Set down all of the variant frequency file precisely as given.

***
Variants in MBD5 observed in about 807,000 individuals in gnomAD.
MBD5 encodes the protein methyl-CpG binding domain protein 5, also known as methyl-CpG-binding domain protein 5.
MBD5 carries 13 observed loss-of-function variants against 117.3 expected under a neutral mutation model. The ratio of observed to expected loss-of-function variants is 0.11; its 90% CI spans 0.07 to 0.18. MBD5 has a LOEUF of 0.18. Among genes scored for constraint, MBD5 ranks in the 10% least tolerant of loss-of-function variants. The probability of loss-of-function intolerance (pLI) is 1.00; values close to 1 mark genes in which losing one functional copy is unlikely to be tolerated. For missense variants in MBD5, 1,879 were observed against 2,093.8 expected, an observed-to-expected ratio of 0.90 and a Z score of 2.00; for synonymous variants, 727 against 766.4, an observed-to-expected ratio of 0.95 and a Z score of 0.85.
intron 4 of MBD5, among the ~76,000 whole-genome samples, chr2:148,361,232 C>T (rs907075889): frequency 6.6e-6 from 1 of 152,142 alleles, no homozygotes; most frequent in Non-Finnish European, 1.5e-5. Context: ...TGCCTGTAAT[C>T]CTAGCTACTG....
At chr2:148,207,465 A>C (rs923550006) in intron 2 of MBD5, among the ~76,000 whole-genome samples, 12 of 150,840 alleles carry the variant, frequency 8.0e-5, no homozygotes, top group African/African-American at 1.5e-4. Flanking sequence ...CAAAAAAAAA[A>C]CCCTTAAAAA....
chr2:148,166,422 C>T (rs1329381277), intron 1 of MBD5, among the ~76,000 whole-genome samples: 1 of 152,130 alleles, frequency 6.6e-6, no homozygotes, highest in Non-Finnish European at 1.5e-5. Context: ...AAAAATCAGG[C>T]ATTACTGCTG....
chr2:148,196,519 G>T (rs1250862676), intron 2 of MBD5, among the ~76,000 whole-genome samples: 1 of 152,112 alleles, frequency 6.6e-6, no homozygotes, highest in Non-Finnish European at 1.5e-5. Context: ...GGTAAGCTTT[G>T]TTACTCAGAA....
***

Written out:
Variants in MBD5 observed in about 807,000 individuals in gnomAD.
MBD5 encodes the protein methyl-CpG binding domain protein 5, also known as methyl-CpG-binding domain protein 5.
MBD5 carries 13 observed loss-of-function variants against 117.3 expected under a neutral mutation model. The ratio of observed to expected loss-of-function variants is 0.11; its 90% CI spans 0.07 to 0.18. MBD5 has a LOEUF of 0.18. Among genes scored for constraint, MBD5 ranks in the 10% least tolerant of loss-of-function variants. The probability of loss-of-function intolerance (pLI) is 1.00; values close to 1 mark genes in which losing one functional copy is unlikely to be tolerated. For missense variants in MBD5, 1,879 were observed against 2,093.8 expected, an observed-to-expected ratio of 0.90 and a Z score of 2.00; for synonymous variants, 727 against 766.4, an observed-to-expected ratio of 0.95 and a Z score of 0.85.
intron 4 of MBD5, among the ~76,000 whole-genome samples, chr2:148,361,232 C>T (rs907075889): frequency 6.6e-6 from 1 of 152,142 alleles, no homozygotes; most frequent in Non-Finnish European, 1.5e-5. Context: ...TGCCTGTAAT[C>T]CTAGCTACTG....
At chr2:148,207,465 A>C (rs923550006) in intron 2 of MBD5, among the ~76,000 whole-genome samples, 12 of 150,840 alleles carry the variant, frequency 8.0e-5, no homozygotes, top group African/African-American at 1.5e-4. Flanking sequence ...CAAAAAAAAA[A>C]CCCTTAAAAA....
chr2:148,166,422 C>T (rs1329381277), intron 1 of MBD5, among the ~76,000 whole-genome samples: 1 of 152,130 alleles, frequency 6.6e-6, no homozygotes, highest in Non-Finnish European at 1.5e-5. Context: ...AAAAATCAGG[C>T]ATTACTGCTG....
chr2:148,196,519 G>T (rs1250862676), intron 2 of MBD5, among the ~76,000 whole-genome samples: 1 of 152,112 alleles, frequency 6.6e-6, no homozygotes, highest in Non-Finnish European at 1.5e-5. Context: ...GGTAAGCTTT[G>T]TTACTCAGAA....